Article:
I don’t think he wanted anything from me. It was not the age of suspicion—well, actually it was: we had just gone through Inform-bureau and KGB phases, but we didn’t worry about sex. He was simply a wonderful neighbor, who probably had a difficult world history and wars behind him. Our next-door neighbor was supposed to have been a high-ranking NDH officer (Croatian Quisling Army); he couldn’t get a job, and walked around in clogs my father made, and the nickname for him was papučar, slipper-wearer. His children looked gloomy and beautiful. They moved to Zagreb. At the time it was a country divided between orgiastic partisans or people who claimed to have been partisans on war pensions and all sorts of defeated peoples. . . and in the meantime our town Daruvar was a center of the Czech minorities with a large Hungarian population, which didn’t enjoy much of a partisan reputation. The feeling in the town wasn’t a trusting one. I suppose this all carried into the next war, which started for real in Parkac, 20 km south of Daruvar. But we are not there, timewise, and I don’t care to be. I think Western Slavonia was a big fault line in Croatia. The Czech minority produced wonderful Staročeško Pivo Czech style pilsner. And the rest of us ridiculed them. It didn’t faze me that I was a quarter Czech myself or that my grandmother Juza came from Prague; I loved, Mi smo Česi mi se ne bojimo, muvaprne mi se razbježimo. My mother spoke Czech, shop assistants did too, but I closed my ears, in fear I would learn Czech. My mother said, Son, you are stupid to refuse to learn Czech, one day you will regret it. And she was right. I do. I could have picked it up just so.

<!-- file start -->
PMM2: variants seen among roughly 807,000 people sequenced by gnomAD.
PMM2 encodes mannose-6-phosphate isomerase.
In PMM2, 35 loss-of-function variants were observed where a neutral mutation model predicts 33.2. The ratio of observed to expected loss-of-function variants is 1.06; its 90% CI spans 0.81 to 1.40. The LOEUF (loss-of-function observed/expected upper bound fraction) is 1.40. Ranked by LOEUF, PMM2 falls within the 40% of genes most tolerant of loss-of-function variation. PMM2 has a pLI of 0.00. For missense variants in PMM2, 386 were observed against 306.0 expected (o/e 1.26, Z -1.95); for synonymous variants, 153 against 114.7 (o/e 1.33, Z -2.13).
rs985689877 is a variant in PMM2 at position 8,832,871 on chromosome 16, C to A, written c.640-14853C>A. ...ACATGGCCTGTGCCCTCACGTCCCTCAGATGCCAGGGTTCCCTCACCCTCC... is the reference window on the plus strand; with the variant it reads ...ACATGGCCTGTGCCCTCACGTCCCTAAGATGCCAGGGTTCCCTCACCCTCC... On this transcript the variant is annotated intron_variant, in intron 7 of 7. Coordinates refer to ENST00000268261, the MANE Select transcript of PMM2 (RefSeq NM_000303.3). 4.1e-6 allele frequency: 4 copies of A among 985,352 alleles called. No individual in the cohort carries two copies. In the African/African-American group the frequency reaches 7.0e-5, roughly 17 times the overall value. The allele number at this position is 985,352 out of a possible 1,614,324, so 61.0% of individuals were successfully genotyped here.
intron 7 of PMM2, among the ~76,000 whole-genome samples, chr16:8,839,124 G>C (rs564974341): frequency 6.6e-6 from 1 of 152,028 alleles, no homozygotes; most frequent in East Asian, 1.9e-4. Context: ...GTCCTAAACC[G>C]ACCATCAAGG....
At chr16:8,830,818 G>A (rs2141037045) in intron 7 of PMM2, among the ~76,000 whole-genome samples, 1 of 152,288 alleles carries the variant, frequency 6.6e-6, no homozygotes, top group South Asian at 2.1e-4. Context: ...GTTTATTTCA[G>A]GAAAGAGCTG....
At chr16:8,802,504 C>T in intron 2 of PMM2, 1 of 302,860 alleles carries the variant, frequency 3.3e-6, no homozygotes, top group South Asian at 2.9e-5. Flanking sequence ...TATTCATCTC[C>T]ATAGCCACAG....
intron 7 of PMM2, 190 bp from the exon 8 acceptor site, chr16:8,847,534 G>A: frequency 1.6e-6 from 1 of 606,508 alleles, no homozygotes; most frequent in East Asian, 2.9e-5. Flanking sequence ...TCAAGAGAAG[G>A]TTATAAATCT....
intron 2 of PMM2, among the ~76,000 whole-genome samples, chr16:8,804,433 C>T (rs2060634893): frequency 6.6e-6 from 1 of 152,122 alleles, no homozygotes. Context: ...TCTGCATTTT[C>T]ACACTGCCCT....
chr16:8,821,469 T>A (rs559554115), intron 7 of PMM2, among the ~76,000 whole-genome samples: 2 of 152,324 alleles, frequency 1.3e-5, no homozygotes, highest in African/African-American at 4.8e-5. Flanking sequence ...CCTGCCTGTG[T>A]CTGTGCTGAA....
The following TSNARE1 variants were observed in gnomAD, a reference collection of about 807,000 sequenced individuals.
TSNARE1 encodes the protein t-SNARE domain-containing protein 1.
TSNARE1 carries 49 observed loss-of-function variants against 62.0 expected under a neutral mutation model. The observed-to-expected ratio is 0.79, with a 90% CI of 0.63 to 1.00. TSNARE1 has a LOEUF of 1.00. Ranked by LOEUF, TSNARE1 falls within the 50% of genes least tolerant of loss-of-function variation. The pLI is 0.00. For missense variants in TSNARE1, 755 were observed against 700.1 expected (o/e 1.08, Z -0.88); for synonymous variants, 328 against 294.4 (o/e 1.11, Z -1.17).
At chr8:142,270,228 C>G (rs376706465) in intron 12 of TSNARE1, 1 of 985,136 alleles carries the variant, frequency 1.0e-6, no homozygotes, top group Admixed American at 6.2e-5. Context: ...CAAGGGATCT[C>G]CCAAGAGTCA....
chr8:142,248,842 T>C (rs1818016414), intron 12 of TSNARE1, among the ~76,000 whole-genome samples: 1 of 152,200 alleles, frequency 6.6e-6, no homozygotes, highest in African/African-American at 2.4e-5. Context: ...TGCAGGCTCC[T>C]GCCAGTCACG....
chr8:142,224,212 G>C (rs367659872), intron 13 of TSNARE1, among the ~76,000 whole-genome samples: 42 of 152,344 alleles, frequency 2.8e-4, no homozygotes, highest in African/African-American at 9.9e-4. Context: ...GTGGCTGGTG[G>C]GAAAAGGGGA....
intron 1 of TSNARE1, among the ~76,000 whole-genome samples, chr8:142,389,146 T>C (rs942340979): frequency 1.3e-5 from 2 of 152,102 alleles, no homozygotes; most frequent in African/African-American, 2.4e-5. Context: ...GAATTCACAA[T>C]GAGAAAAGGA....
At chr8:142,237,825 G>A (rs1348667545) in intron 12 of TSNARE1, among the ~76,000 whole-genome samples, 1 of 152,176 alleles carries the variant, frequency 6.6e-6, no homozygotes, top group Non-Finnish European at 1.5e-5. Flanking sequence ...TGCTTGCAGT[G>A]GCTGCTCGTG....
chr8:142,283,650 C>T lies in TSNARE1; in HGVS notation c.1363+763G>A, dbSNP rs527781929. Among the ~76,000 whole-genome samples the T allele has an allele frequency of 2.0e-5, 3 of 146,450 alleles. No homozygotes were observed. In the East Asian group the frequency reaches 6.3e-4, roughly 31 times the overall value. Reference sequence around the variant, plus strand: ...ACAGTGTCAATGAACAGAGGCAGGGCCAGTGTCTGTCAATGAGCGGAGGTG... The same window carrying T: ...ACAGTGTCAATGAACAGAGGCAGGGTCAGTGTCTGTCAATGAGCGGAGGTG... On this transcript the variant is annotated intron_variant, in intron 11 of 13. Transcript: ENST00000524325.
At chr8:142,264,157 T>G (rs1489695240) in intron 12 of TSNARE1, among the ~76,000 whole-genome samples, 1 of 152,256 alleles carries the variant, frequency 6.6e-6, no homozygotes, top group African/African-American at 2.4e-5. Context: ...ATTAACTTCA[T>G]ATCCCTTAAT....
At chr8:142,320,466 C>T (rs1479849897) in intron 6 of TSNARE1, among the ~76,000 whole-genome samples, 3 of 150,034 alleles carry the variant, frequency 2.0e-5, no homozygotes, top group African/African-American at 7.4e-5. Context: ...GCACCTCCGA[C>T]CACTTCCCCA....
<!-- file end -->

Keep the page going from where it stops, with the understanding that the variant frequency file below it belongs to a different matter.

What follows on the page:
Anyhow, I want to recall this wonderful artisan, who produced good suits, repaired them, and threaded needles, bent over his Singer machine. He had a son, a year older than me. He had covert violent tendencies just like me. We made pracke (sling-shots) together out of branches forking into Ys. Then we’d affix rubber and that was enough if we were going to use nails bent into Us. My older brother Vlado was a doctor then in Miokovičevo. He thought I was too thin and I had to visit him once a week for adrenaline shots and steaks so I would grow some muscle. It turns out adrenaline was the last thing I needed. Steaks, yes, as my crazed father was a pescatarian, and my mother inherited that. We ate lots of vegetables and on weekends sarani, carp. Perfect diet for Hassidic Jews, which we were not. Anyway, on one occasion, I ran after a boy on the river bank and shot a U nail into his back. He came to my brother’s ER, to get tetanus shots and disinfectants. Vlado asked, what happened to you? Well, Sir, your younger brother chased me and put a nail into my back from his sling shot. Vlado was furious. He said, how dare you. Don’t come back for your adrenaline shots. I don’t care if you don’t build muscles.
Well, to the town’s horror, Tailor Franić’s son’s story of slinging nails around turned out way worse: he’d hit a friend of his in the eye and he needed an operation. I don’t know whether the friend lost the eye but he certainly lost a friend. I was now a bit older and I think that kind of ended my friendship with the story-listener. By then, I was 12 and my father had just died. I entered a few years of adolescent confusion and megalomania and horror, reading the Bible and Jules Verne, and discovering the Rolling Stones; then, Jimmy Hendrix came along and gave me the will to live and kiss the sky.

© Josip Novakovich 2018

The Barcelona Review is a registered non-profit organization